Monday, June 3, 2019

The World of Cricket World Cups - Part 5 - 1996 Group Stage

The 1996 Cricket World Cup was also known as ‘Wills World Cup’, after the brand of it’s official sponsor, ITC. The world cup was being hosted in the Indian subcontinent again after 1987 edition, and the craze and frenzy was unmatched. India and Pakistan had been performing well for the past few years, and they were one of the prime favourites to win the cup on home soil. Pakistan were the defending champions, with an excellent combination of youth and experience. India had found a superstar of their own in Sachin Tendulkar, who success had become paramount for India’s win in any match. It was believed that India’s chances to win a match take a major downward dip if he gets out early, which was proven by the fact that most of Indian households used to switch off their tv sets once Sachin got out. Sri Lanka on the other hand, were on a rise with some very good players rising in the ranks, but still, they weren’t considered to be a favourite to go the distance.
The format of this world cup was changed again, with teams divided in two groups. Three new Associate teams were included this time: Kenya, Netherlands and United Arab Emirates. Group A comprised of India and Sri Lanka, along with Australia, West Indies, Zimbabwe and Kenya. Group B comprised of Pakistan, New Zealand, England, South Africa, Netherlands and United Arab Emirates. Top 4 teams from each group would qualify for the quarter finals. India hosted 17 matches at as many venues, Pakistan hosted 16 matches at 6 venues and Sri Lanka 4 matches at 3 venues.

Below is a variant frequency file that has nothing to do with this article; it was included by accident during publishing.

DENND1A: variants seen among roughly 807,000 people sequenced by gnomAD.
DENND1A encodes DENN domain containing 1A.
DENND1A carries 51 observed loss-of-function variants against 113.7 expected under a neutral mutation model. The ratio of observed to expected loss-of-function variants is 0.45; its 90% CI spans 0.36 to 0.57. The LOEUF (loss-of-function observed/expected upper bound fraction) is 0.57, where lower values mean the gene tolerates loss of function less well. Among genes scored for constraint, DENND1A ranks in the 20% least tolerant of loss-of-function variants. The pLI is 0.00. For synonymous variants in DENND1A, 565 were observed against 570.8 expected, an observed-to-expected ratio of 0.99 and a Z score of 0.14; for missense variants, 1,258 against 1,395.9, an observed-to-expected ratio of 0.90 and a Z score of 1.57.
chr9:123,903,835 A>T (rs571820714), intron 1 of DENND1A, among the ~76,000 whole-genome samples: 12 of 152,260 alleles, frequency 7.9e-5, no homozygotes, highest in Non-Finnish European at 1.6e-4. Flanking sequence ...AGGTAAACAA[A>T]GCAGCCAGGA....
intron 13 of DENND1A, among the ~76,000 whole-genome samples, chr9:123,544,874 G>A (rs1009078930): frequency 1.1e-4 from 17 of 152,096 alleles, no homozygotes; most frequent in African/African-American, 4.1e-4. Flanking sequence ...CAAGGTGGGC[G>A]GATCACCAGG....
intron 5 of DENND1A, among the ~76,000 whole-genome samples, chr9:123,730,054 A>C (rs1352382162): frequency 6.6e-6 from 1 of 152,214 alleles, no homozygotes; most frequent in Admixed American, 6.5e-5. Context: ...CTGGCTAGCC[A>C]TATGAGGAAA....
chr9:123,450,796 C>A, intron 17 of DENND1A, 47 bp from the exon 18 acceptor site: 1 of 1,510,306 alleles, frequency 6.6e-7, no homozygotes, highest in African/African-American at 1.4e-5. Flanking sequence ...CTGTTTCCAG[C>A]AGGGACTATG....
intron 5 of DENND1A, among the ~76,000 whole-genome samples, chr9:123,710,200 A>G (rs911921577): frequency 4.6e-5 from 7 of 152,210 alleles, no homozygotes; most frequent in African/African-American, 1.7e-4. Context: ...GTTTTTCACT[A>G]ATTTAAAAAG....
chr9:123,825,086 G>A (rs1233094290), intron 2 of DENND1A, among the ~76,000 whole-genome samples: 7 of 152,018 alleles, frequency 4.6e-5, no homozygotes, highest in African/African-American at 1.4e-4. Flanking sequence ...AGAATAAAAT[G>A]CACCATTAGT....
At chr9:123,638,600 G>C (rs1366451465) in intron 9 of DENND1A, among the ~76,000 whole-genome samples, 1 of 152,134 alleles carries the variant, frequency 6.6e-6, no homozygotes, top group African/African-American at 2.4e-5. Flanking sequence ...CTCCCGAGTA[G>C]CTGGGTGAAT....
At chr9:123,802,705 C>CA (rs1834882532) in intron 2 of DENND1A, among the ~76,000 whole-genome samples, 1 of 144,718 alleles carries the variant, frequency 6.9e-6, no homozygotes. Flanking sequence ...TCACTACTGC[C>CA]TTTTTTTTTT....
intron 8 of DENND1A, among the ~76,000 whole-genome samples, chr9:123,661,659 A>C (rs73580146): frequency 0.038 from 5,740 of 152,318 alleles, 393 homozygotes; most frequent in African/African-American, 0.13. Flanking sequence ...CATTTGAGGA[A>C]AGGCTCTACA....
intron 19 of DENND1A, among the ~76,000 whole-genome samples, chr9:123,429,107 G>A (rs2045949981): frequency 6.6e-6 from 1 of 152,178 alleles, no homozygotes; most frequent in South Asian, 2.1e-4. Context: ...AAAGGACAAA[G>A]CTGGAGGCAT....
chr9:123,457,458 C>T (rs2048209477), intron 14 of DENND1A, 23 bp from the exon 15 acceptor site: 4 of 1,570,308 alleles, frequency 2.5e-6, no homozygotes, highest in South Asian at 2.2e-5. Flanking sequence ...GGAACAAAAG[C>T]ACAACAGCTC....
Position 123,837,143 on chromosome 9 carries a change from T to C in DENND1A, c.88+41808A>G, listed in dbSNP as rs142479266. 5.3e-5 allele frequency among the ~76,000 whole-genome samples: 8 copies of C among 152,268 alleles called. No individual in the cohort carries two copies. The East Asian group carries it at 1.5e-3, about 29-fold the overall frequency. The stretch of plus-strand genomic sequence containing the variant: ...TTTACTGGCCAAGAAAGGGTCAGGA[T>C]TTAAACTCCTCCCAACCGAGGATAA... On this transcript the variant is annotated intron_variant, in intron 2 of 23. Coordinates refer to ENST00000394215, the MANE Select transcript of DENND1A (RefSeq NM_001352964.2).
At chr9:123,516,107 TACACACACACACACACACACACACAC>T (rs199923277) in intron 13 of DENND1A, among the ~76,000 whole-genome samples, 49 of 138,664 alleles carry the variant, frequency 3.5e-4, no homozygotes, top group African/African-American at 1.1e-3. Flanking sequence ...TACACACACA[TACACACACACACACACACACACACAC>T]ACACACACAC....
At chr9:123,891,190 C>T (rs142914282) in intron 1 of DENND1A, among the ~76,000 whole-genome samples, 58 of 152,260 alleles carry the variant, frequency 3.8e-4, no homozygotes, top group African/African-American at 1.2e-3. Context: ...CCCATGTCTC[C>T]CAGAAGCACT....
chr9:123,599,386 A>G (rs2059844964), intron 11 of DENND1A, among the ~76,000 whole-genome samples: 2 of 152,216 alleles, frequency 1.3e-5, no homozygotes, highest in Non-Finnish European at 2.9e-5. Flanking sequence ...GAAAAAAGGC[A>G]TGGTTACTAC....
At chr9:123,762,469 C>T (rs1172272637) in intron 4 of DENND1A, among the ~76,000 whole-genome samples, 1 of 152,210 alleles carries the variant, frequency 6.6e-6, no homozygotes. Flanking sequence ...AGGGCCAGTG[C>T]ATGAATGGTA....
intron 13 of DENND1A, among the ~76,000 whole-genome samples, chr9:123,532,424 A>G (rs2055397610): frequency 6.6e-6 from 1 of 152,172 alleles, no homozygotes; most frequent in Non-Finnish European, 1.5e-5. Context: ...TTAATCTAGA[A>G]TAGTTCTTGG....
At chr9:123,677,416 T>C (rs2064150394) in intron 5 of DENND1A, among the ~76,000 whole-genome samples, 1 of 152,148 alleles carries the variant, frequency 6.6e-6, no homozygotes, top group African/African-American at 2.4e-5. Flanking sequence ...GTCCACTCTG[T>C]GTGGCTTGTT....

Controversy: There were bomb blasts in Colombo in January 1996, as Sri Lanka was still struggling with militancy by Tamil Tigers. This worried the touring teams Australia and West Indies about their security, and they refused to go to Sri Lanka to play their matches, even after safety assurances by ICC. As a result, Sri Lanka was declared winner by walkover and awarded 2 points each for these matches, which meant that they virtually qualified for the quarter finals even before playing a match.
Group A
India started off their campaign on a good note against Kenya in Cuttack, chasing a target of 200 with 7 wickets and 8 overs to spare. Sachin Tendulkar played a fine knock of 127 not out. They continued their good show against West Indies in Gwalior, in a match which was dubbed as a
showdown between two of the world’s greatest young batting maestros, Sachin Tendulkar and Brian Lara. But it turned into an anti-climax when Lara was dismissed by Javagal Srinath after scoring just a couple of runs, and West Indies getting bowled out for 173 in 50 overs. In reply, Sachin once again showed the way of scoring to other batsmen, by scoring 70 runs himself. India was in a spot of bother at 127/5 with the West Indian fast bowlers charging in but managed to win by 5 wickets. The Indian team was performing well but the winning run came to a screeching halt in Mumbai against the Aussies. Batting first, Australia scored 258 in their 50 overs, with Mark Waugh, who would go on to score prolifically at world cups, scoring a delightful 126. India managed to put breaks at the scoring in last overs but still a score above 250 in 1990’s was a really competitive total, almost a match winning score. India started off poorly, losing 2 wickets for 7 runs.